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The term 'guerrilla warfare' is one of several terms used to describe the efforts of small, unstructured bands engaged in irregular warfare against a stronger military opponent.
Guerrilla forces often achieve success by combining surprise, unorthodox aggressive tactics, sabotage and psychological warfare. They are strengthened by their speed and mobility, knowledge of terrain and participation in conflicts in which the odds of success are heavily weighted in their favor. They are generally loosely knit and spread over a large area and do not have the disadvantages of fixed camps, nor are they reliant on supply lines. In previous centuries, guerrilla warfare was a common means of fighting larger, heavily armed armies or repelling invaders. In recent times, it has often been used for deposing established governments. In the twentieth century Asia, Africa, South America and the Middle East have been the main centers of such warfare.
The first to formulate doctrines on guerrilla warfare was the German theoretician Karl von Glauswitz. In On War (1833) he formalized the tactics involved in guerrilla warfare and stated that success in such conflicts depended upon a number of factors, including support for 'guerrillas' by the indigenous population and repeated victory in many small skirmishes rather than in a protracted battle. Communist leader Mao Tse-tung is recognized as the originator of modern guerrilla tactics.
In Guerrilla Warfare (1937) and On the Protracted Conflict (1938) he described the guerrilla war as having three phases. The first phase is the 'strategic defensive', in which the irregular forces initiate strikes and draw the fire of the superior forces; constant surprise strikes lead to a tiring and weakening of the opponent's morale. In the 'stalemate' phase, the guerrillas increase the force and number of attacks against the weakened army and begin to claim victories. In the final phase or 'strategic offensive' the guerrillas band together to overrun and defeat the shattered adversary.
Later, revolutionary strategist Che Guevara formulated the urban guerrilla tactics that have become more common in recent decades.
History of Guerrilla Warfare
Guerrilla warfare has been used for centuries.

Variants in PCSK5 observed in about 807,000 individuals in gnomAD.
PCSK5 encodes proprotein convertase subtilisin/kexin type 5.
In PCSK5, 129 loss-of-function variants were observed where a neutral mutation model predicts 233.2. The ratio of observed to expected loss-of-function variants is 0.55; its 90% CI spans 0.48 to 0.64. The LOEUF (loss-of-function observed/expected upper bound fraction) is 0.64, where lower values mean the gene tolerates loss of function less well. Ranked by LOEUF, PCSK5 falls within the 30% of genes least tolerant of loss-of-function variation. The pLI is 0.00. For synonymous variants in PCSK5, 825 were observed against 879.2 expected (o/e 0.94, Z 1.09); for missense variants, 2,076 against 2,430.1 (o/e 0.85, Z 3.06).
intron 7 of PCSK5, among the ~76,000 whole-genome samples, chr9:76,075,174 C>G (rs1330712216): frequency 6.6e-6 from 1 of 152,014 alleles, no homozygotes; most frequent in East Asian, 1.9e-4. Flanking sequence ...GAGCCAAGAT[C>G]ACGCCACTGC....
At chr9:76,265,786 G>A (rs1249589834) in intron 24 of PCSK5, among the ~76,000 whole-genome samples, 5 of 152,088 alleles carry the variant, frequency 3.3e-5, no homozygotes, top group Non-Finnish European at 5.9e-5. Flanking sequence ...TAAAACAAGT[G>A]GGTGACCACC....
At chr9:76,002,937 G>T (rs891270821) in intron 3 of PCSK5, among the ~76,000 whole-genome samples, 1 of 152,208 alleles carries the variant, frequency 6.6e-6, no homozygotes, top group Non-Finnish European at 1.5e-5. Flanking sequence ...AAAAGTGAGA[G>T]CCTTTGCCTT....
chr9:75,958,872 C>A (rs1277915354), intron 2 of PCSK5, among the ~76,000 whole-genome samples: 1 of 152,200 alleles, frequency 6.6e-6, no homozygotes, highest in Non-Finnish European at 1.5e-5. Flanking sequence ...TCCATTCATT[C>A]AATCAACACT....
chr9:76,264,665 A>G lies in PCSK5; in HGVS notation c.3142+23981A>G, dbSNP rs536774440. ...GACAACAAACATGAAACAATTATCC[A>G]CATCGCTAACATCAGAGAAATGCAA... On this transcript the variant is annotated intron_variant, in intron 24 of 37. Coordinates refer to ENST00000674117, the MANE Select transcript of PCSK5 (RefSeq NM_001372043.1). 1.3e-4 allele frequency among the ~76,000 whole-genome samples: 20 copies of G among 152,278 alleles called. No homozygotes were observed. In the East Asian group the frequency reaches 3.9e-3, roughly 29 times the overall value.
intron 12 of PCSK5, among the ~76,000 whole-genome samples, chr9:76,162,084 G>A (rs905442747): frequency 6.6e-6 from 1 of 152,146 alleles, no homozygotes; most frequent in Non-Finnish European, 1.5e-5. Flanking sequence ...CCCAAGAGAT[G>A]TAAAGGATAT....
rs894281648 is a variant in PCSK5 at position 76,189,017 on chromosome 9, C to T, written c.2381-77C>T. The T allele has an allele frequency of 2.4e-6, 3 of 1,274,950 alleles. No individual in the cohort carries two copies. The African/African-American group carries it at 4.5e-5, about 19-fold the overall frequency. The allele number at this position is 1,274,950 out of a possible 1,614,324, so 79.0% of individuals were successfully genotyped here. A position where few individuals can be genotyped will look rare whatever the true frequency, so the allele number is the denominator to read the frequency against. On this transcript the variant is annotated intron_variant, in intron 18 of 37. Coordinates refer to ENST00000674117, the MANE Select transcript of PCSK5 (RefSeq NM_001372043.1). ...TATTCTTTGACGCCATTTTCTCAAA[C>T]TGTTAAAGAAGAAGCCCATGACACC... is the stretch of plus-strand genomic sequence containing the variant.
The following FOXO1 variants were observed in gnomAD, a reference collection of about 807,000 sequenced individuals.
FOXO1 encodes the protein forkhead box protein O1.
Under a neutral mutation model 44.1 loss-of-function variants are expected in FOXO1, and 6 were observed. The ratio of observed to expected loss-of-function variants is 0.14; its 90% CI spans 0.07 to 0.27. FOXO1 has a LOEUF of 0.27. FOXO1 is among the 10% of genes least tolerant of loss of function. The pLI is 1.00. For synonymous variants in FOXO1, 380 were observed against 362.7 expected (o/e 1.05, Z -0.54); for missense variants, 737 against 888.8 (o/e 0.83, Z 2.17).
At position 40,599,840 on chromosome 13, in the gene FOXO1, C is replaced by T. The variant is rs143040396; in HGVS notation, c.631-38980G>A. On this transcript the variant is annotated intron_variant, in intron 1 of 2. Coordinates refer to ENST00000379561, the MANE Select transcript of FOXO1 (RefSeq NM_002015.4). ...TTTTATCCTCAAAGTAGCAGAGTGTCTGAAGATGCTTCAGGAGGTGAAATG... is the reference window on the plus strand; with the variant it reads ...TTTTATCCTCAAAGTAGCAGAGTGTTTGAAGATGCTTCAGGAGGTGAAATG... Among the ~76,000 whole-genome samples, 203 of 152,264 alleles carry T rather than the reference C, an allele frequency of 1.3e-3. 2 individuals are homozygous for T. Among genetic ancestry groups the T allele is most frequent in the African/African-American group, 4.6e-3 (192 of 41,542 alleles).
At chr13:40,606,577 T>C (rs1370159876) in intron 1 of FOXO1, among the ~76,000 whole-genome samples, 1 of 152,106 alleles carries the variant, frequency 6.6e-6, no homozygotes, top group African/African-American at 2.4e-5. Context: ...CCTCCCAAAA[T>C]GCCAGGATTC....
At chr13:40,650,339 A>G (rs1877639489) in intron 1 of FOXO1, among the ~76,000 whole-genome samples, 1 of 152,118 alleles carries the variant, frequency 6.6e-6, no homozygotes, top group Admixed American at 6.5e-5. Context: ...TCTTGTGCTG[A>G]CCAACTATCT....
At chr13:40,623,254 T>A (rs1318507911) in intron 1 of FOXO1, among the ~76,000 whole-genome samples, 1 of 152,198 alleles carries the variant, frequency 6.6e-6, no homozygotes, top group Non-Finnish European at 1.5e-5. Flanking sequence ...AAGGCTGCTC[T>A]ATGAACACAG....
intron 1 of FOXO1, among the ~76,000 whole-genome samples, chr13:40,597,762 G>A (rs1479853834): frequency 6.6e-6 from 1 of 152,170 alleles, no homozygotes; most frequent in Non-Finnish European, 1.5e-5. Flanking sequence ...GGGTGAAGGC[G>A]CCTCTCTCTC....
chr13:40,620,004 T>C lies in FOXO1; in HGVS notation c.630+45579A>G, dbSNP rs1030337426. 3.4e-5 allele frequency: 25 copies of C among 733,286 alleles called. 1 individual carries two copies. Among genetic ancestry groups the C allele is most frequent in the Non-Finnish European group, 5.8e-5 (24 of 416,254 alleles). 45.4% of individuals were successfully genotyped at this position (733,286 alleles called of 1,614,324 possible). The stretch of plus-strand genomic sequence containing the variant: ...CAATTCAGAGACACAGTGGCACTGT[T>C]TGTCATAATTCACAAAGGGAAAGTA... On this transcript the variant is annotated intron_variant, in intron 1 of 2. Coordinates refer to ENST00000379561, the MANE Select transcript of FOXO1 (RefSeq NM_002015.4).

One of the most successful guerrilla wars was the one that resulted in the liberation of Scotland by Robert Bruce in the early fourteenth century. Modern guerrilla movements date from the period 1780-1814 when Napoleon's occupying army in Spain encountered repeated small skirmishes with the scattered forces of the defeated national army and Spanish civilians.
The term 'guerrilla', from the Spanish guerra meaning 'war', originated during this conflict. The consistent efforts of Spanish irregulars, aided and funded by England under the duke of Wellington, eventually led to the Peninsula War and Napoleon's defeat. Examples of later applications of guerrilla tactics are the Greek insurgent raids against the Ottoman Empire (1821-27) and those of the Boer nationals against the British (1898).
The Chinese Civil War (1926-49) saw the employment of Mao Tse-tung's strategies to conquer China and establish a communist regime. During World War II, the Soviets formed a 150,000-strong guerrilla movement against the 1941 Nazi invasion.
In recent decades, the threat of nuclear war has prompted major world governments to adopt guerrilla tactics to control rivals without direct confrontation. The communist regimes have extensively used this ploy in Asia, particularly during the early stages of the Vietnam War. In the United States in 1964 there was a public outcry at the revelation that the Central Intelligence Agency (CIA) had paid and trained Cuban exiles to invade Cuba and attempt to overthrow the government of Fidel Castro.
Urban guerrilla movements have become more common in recent years. Such bands as the Symbionese Liberation Front in the United States, the Irish Republican Army in Northern Ireland and the International Red Army have brought guerrilla activities to many countries, despite the efforts of highly trained counter-guerrilla agencies.